Vitamin Deficiency – Don’t wait for Old age to Treat today’s Problems

English philosopher and statesman Francis Bacon once said, “I will never be an old man. To me, old age is always 15 years older than I am”. Although he died pneumonia in 1626, he was 65 years old, which was quite an old age at the time!

During the 1600’s in England, to reach the age of 65 was quite uncommon, as the average life expectancy was only about 35 years of age. And more than one-third of the people born during that time did not survive their teenage years.

Thanks to modern medicine and advanced technology, today adults can expect to live a bit longer as the average life expectancy for North America and most of Europe averages about 80 years of age.

Old Age Does Not Guarantee Good Health

However just because you reach a milestone birthday does not guarantee that you will be free from diseases, especially if you fail to get the proper vitamins and nutrients. Vitamin deficiency is the number one reason why elderly people get sick and succumb to their health problems.

Since 1968 the U.S. Department of Agriculture has offered recommended daily allowances that outline how much of which types of vitamins, minerals, and nutrients human bodies need to stay healthy. The allowances are also low enough to prevent side effects from having large doses associated with some of these as well.

When you eat a wide range of foods then you are at lower risk for vitamin deficiency. But as you get older and you develop issues like heart problems, diabetes, and being unable to eat certain foods due to dental issues such as false teeth, it affects your diet.

These vitamins are some of the popular deficiencies, especially among older people in today’s society. Listed next to each one are some of the more frequent symptoms associated with each of them.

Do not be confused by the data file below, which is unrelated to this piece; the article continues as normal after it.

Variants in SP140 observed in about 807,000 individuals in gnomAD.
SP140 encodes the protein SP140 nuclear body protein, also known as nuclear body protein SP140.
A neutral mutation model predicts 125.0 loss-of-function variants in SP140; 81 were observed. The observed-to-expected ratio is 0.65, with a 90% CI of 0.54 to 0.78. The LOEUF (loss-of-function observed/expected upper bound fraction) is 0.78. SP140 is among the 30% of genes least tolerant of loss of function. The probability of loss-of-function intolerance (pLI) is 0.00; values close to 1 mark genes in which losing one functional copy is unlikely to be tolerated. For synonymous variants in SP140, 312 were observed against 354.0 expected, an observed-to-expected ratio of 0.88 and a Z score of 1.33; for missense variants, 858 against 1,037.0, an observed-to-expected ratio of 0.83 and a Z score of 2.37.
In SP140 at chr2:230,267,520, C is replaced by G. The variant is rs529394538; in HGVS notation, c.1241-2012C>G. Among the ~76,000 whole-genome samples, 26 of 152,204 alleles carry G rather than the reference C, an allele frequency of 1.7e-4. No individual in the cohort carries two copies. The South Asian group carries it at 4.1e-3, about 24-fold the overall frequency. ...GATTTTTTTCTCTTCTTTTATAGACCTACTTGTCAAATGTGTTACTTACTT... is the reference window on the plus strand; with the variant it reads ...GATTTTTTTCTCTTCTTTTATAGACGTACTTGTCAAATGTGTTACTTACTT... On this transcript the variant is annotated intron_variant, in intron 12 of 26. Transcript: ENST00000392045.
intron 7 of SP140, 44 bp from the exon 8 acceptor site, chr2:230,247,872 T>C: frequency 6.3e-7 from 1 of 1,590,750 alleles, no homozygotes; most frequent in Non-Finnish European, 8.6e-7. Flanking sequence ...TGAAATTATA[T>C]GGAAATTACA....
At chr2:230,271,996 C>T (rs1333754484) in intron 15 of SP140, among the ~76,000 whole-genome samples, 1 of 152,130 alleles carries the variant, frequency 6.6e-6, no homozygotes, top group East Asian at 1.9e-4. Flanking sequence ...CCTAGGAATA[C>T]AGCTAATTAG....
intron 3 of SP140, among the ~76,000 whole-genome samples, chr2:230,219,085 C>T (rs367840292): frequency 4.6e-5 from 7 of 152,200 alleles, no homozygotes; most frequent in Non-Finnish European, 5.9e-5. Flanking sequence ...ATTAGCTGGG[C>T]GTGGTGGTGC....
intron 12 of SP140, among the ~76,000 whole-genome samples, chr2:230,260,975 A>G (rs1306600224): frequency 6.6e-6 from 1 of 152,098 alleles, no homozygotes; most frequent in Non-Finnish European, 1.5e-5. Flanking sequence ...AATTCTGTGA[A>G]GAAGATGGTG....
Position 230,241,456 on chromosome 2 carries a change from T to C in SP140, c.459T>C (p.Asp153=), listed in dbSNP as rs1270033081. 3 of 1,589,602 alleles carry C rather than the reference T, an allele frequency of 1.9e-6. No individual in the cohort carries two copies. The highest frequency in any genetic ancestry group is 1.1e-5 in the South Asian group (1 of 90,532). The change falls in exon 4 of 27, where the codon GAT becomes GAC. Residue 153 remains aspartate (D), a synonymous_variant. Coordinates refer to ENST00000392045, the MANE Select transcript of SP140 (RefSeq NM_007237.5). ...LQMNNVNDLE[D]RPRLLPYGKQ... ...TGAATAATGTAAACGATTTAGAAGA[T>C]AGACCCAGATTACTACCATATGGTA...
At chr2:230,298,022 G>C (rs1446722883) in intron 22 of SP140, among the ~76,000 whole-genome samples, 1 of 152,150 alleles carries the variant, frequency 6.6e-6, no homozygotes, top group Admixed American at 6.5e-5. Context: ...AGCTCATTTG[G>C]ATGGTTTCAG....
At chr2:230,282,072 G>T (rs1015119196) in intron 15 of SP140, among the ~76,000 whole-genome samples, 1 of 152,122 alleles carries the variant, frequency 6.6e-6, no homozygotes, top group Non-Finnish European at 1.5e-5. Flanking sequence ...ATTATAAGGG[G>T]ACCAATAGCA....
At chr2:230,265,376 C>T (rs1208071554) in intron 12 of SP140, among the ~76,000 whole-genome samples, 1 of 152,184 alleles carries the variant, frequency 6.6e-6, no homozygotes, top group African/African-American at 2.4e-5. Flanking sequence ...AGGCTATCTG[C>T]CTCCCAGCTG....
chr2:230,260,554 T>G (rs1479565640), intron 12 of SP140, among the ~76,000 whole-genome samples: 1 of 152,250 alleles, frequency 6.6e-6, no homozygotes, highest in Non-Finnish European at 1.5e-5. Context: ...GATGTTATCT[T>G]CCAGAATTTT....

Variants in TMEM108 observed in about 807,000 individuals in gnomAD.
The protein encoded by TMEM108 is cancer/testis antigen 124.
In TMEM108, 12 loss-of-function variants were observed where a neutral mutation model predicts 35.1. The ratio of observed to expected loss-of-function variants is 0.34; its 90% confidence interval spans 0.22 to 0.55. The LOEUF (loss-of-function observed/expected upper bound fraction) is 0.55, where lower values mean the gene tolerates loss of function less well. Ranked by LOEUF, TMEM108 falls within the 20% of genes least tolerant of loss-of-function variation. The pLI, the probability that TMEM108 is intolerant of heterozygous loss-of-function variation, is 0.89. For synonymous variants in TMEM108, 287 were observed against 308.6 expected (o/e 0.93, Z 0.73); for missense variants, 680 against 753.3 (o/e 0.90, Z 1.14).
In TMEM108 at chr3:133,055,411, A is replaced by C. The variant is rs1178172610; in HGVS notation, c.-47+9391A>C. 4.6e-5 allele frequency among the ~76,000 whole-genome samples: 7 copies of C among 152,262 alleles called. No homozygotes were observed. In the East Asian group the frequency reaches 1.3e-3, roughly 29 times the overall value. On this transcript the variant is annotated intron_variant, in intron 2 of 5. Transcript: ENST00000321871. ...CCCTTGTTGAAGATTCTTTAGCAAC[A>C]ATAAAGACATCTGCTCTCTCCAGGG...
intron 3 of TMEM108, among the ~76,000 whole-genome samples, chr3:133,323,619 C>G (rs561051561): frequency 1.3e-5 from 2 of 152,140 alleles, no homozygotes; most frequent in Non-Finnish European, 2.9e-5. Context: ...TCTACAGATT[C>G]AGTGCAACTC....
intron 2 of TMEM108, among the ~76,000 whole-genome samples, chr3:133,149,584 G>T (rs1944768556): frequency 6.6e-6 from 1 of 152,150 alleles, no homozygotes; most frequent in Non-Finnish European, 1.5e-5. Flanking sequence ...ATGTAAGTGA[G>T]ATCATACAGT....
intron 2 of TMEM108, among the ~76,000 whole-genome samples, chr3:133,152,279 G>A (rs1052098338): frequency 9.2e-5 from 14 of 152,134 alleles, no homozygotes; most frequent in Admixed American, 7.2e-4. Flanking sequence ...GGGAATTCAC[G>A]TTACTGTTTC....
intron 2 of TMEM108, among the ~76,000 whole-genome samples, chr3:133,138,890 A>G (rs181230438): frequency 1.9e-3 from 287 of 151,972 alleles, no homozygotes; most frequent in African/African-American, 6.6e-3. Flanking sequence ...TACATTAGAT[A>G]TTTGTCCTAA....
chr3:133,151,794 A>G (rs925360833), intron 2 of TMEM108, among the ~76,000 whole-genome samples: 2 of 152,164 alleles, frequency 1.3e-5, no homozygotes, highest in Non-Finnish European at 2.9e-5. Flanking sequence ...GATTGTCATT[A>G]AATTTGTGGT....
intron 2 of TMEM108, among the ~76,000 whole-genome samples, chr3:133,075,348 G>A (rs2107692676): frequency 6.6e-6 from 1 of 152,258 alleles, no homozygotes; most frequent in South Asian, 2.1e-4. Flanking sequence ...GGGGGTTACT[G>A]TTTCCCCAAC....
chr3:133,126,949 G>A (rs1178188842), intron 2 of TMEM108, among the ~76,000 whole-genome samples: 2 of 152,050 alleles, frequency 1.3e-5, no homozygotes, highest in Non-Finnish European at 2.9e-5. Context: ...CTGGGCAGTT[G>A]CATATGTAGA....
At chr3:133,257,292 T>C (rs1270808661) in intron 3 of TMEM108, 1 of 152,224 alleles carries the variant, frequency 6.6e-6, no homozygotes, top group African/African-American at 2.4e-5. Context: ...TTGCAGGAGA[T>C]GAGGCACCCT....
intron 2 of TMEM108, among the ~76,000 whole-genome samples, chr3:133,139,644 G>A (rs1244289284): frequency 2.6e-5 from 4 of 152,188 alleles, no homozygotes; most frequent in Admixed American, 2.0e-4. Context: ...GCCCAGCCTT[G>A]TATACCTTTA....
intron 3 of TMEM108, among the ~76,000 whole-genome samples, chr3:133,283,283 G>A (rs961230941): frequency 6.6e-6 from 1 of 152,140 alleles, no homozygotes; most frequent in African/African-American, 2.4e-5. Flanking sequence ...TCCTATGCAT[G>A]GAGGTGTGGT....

Vitamin A

Dry, cracked, or rough skin, poor night vision or dry mucus membranes around the eyes, problems tasting or smelling, hearing issues, decreased sweating, and slow healing wounds

Vitamin B1 (Thiamin)

Weight loss due to poor appetite or upset stomach including nausea and vomiting, depression, and poor concentration

Vitamin B2 (Riboflavin)

Sore tongue and mouth, cracked lips, skin rashes, anemia, and painful, burning eyes

Vitamin B6

Convulsions that mimic an epileptic seizure, gastric upset, skin rashes, and anemia

Vitamin B12

Nerve damage, anemia, damage to the stomach lining (which could lead to stomach cancers), and symptoms that mask neurological or psychiatric problems

Vitamin C

Bleeding gums, nosebleeds, swollen and painful joints, muscle pains, skin rashes, and shortness of breath

Vitamin  D

The inability to absorb minerals which leads to poor bone health

Vitamin E

The inability to absorb fats the body needs for good health

Vitamin K

The inability for blood to clot properly

Glutathione

Cell damage, anemia due to red blood cell damage, vomiting, diarrhea, and abdominal pain
While all of these deficiencies cause problems in the elderly, glutathione causes a bigger issue than most. According to a study by the American Journal of Clinical Nutrition, compared to younger people in the test elderly subjects had substantially lower glutathione levels.

This is important because glutathione is an antioxidant that fights free radicals which cause diseases like cancer. The article goes on to explain that dietary supplements with glutathione can fully restore levels previously lowered by oxidative stress and damage which is far more common in older humans than in younger people.

Getting the Right Amounts of Vitamins for Good Health

The best way to get the right amount of vitamins, minerals, and nutrients is through a healthy diet. But when your body (or perhaps just your taste buds) rejects the foods that contain the things you need for good health, then a supplement is in order.

When combined with the other vitamins and minerals in the list, as stated on the SynergiaGSH vitamin site, glutathione supplements can boost your immune system, decrease recovery times after sickness, and increase your strength and metabolism.

Of course you should never begin taking any medication, including vitamin supplements, or start a new diet without first consulting your doctor. If you are considering a new product print off a page from the website and take to your next appointment, or just pull it up on your iPad or smartphone!

By getting enough vitamins and minerals you won’t put the brakes on old age, but you will enjoy a healthier, less stressful life as you grow into your golden, post-retirement years.

Author Bio:

Canadian native Bill Lawrence grew up in Toronto and went on to receive his BSc in biochemistry from Simon Fraser University near Vancouver. After 12 years of working in the pharmaceutical industry where he saw companies create products that treat symptoms rather than health issues, he walked away from the industry.

Articles on healthtian.com are for educational purpose ONLY.

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